Yale School of Management

Program on Financial Stability

Improving our understanding and management of systemic risk.

Use of Federal Reserve Programs - 06/11/2020

June 11, 2020
: By: Pascal Ungersboeck

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Below we report on operational Fed programs, based on the Fed’s weekly H.4.1 release. Since last week, the ECB and BoE significantly decreased their use of the swap lines established with the Fed in March.

Note on Federal Reserve Swap lines

Since last week, the European Central Bank (ECB) significantly decreased its use of the USD swap line established with the Fed in March. The decrease is due to the expiration of a $75 billion 84-day swap the ECB entered on March 18, shortly after the swap lines were established. As the contract reached maturity on June 11, the outstanding amount for the ECB decreased from $144 billion to $69 billion. The Bank of England’s position decreased from $20 billion to $13 billion, as a 84-day swap agreement entered on March 18 matured. 

The Bank of Japan (BoJ) also entered a $30 billion swap that expired on June 11. However, its overall position did not decrease, as the BoJ entered a new 84-day contract for $15 billion on June 9. The BoJ has the highest outstanding amount at $213 billion.

Note on Treasury contributions to Fed facilities

The Treasury announced on April 9 that it intended to use funds available under the CARES Act to purchase equity in special purpose vehicles established under Fed lending programs. As of June 4, the Treasury invested a total of $104 billion in five facilities. Per the facility agreements, 85% of the equity contributions to the CCF, CPFF, MLF and MSF have been invested in nonmarketable Treasury securities; $31.9 billion for the CCF, $8.5 billion for the CPFF, $14.9 billion for the MLF and $31.9 billion for the MSF.

For the MSF and MLF, the current balance largely reflects the purchase of treasuries, rather than facility-specific assets. For the MLF treasuries purchased with equity constitute $14.9 billion out of $16 billion total. The facility began purchasing municipal notes on June 2. The current balance for the MSF is exclusively constituted by the 85 percent of equity invested in treasuries.

Liquidity Swap Lines

The USD swap lines are bilateral agreements between the Fed and foreign central banks. They allow foreign central banks to exchange domestic currency for US dollars. The Fed currently maintains swap line agreements with 14 central banks.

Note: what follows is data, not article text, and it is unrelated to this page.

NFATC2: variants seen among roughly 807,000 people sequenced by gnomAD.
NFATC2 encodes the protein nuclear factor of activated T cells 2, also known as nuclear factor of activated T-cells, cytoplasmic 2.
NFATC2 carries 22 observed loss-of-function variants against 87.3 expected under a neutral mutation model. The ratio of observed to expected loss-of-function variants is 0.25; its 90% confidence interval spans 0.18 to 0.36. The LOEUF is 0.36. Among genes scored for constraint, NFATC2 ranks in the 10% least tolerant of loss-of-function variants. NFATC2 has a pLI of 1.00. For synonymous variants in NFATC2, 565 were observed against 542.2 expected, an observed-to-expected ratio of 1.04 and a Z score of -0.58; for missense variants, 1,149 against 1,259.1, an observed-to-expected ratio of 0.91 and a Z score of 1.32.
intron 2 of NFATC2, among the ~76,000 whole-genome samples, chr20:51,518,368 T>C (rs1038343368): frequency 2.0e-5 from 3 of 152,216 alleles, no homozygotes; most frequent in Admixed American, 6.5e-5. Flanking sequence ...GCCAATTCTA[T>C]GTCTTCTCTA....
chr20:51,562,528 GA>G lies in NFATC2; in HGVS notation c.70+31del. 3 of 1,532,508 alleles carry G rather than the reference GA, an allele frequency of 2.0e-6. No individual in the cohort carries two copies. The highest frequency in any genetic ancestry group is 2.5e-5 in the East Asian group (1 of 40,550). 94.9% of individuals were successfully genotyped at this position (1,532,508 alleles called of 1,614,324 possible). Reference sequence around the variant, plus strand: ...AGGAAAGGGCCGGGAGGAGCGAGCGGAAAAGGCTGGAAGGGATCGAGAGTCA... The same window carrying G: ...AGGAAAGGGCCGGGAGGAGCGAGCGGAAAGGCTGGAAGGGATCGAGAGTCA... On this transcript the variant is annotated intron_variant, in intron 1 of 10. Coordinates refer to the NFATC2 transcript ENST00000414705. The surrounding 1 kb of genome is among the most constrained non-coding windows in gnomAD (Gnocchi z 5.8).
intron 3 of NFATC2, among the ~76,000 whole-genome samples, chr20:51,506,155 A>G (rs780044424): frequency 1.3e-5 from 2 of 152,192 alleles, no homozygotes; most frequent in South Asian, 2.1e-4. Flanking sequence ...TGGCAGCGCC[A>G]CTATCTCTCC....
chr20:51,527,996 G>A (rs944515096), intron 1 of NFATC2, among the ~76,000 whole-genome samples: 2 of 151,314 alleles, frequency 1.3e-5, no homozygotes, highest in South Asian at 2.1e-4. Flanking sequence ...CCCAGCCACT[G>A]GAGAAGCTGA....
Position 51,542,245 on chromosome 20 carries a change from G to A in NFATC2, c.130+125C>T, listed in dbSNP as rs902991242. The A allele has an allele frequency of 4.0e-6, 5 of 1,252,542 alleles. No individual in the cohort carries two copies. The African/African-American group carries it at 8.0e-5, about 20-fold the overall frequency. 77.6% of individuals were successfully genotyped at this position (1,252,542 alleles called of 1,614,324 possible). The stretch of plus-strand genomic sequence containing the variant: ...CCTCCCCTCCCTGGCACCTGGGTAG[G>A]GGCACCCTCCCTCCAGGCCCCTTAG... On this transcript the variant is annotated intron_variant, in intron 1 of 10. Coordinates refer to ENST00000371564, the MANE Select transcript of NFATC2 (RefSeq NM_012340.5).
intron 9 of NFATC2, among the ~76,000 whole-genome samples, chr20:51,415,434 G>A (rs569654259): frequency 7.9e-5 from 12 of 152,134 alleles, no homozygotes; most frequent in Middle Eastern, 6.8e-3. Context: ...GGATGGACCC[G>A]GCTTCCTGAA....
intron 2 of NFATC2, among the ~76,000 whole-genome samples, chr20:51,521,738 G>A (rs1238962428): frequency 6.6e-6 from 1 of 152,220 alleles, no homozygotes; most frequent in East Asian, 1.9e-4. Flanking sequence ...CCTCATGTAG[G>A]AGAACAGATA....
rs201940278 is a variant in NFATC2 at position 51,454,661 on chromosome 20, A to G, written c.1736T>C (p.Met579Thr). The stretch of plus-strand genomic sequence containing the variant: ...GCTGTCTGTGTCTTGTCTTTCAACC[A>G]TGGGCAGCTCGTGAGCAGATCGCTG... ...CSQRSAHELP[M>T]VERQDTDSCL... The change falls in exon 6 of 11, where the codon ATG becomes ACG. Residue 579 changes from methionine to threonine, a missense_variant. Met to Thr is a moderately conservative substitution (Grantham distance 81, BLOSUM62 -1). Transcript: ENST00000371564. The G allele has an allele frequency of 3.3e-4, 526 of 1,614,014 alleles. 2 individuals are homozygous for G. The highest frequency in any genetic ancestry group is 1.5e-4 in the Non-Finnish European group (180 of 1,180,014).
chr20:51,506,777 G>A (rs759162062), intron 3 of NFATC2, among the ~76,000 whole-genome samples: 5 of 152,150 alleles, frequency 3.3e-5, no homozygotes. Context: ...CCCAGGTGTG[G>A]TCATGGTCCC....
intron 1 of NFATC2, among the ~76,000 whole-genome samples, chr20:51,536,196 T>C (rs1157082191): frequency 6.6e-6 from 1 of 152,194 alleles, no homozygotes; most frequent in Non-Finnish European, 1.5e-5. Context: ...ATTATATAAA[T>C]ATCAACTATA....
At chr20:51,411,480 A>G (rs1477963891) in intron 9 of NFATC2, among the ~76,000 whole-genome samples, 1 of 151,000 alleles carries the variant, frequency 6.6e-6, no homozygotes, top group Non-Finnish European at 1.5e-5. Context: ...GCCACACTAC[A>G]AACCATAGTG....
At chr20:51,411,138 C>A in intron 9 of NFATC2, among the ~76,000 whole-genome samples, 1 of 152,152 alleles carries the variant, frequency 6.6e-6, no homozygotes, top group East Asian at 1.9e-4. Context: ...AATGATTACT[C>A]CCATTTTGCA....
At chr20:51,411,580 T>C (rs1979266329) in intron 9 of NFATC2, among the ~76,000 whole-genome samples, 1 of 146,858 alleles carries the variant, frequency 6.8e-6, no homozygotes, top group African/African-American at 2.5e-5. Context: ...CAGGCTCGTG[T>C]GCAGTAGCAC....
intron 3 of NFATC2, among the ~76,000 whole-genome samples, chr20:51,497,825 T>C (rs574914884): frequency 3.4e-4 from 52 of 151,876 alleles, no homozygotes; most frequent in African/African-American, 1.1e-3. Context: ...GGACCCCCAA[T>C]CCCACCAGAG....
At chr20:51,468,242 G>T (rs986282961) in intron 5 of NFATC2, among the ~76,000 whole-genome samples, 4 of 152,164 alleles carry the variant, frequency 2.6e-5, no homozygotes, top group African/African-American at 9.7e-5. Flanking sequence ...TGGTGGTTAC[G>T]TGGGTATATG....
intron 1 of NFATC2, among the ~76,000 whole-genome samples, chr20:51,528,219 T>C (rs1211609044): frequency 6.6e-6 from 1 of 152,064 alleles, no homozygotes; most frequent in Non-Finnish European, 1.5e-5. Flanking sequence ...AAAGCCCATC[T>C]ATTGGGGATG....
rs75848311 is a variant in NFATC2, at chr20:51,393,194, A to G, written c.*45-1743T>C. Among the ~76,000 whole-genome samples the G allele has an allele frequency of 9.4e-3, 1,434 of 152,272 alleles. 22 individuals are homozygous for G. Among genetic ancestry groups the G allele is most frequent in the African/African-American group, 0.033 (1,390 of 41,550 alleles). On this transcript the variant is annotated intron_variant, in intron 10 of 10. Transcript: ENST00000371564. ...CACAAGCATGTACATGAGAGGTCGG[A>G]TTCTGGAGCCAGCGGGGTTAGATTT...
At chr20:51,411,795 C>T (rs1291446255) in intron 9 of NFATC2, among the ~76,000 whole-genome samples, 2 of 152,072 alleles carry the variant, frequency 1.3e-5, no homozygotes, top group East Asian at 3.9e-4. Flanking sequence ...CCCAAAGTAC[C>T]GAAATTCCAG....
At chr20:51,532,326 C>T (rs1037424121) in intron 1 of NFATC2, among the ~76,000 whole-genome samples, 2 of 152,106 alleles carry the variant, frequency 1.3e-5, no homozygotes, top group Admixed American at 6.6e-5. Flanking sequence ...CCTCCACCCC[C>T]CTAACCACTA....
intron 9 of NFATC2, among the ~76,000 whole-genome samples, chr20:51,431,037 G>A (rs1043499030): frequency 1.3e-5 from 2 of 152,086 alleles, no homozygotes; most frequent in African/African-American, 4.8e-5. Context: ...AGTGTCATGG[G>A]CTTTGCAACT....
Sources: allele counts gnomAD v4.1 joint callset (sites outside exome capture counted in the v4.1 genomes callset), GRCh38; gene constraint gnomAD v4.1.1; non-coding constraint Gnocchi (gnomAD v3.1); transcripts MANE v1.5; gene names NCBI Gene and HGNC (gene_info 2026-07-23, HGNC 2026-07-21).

Money Market Mutual Fund Liquidity Facility

The MMLF allows the Fed to fund the purchase of money market mutual fund assets. The program is established under section 13(3) of the Federal Reserve Act. The Fed reported that the U.S. Treasury, to date, has provided credit protection of $1.5 billion to the Money Market Mutual Fund Liquidity Facility.      

Discount Window

The DW is a standing facility that allows the Fed to provide collateralized loans to depository institutions.

Primary Dealer Credit Facility

The PDCF allows the Fed to extend collateralized loans to primary dealers. The facility was established under section 13(3). 

Paycheck Protection Program Liquidity Facility

The PPPLF allows the Fed to provide financial institutions with liquidity backed by loans to small and medium businesses extended under the federal government’s Paycheck Protection Program and guaranteed by the Small Business Administration. The Program was established under section 13(3).

Commercial Paper Funding Facility 

The CPFF provides a liquidity backstop to issuers of commercial paper and was also established under section 13(3). It is operated by the FRBNY through a special purpose vehicle, the Commercial Paper Funding Facility II LLC (CPFF LLC). The Treasury has made an equity investment of $10 billion in CPFF LLC.

Primary and Secondary Market Corporate Credit Facilities

The PMCCF and SMCCF were set up under section 13(3) to support credit to employers through purchases of newly issued bonds and support market liquidity for outstanding corporate bonds. These facilities operate through a special purpose vehicle, the Corporate Credit Facilities LLC (CCF LLC). The Treasury has made an equity investment of $37.5 billion in CCF LLC.

Municipal Liquidity Facility

The MLF provides liquidity to states, counties and cities. The facility was set up to purchase up to $500 billion of short-term notes and was established under section 13(3). The Treasury has made an equity investment of $17.5 billion in MLF LLC.

Main Street Lending Programs

The MSF is established under section 13(3) to provide loans to SMEs. The program operates through three facilities: the Main Street New Loan Facility (MSNLF), the Main Street Priority Loan Facility (MSPLF), and the Main Street Expanded Loan Facility (MSELF). The loans are extended through a special purpose vehicle, the Main Street Facilities LLC (MSF LLC), established by the Federal Reserve Bank of Boston.